The Maine Bureau of Parks and Lands has finalised the Submerged Lands Lease Application for Kingfish Maine’s installation of intake and discharge pipes, which the company said is a critical permit for the construction of the facility.
“We are encouraged by the approval of our permit application with no special conditions and no public objections,” said The Kingfish Company’s founder and chief executive Ohad Maiman in a press release.
Going the extra mile
“Prior to submission, substantial design and engineering efforts were required to assure our future operation complies with state and federal regulations.
“It was important for us, however, to go the extra mile and approach local stakeholders and ask to hear their concerns. We listened, and accordingly implemented several changes to our design prior to permit application so that we could mitigate such concerns, and found the open and transparent dialogue to be important and constructive in that respect.”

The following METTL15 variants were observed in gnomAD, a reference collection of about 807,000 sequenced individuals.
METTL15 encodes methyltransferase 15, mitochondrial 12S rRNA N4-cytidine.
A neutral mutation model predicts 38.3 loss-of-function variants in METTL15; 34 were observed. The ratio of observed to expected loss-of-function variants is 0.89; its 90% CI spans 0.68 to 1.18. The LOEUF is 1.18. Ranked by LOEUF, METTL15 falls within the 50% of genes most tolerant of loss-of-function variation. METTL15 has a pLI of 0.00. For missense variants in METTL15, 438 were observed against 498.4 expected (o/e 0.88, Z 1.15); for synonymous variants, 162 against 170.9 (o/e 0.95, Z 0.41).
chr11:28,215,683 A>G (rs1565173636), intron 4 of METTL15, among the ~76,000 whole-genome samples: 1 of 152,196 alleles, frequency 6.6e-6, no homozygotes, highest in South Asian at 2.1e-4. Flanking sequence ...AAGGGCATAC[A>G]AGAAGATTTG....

Kingfish Maine is projected to produce 6,000-8,000 tonnes of yellowtail (seriola lalandi) annually upon completion.
The Kingfish Company, formerly known as Kingfish Zeeland, currently operates a land-based recirculating aquaculture system (RAS) in the Netherlands.
The Netherlands RAS was the first land-based farm to receive Best Aquaculture Practices certification and the first Aquaculture Stewardship Council certified source of yellowtail kingfish, and the company’s fish was awarded the 2019 Seafood Global Excellence Award as best HORECA product at the Brussels Seafood Expo.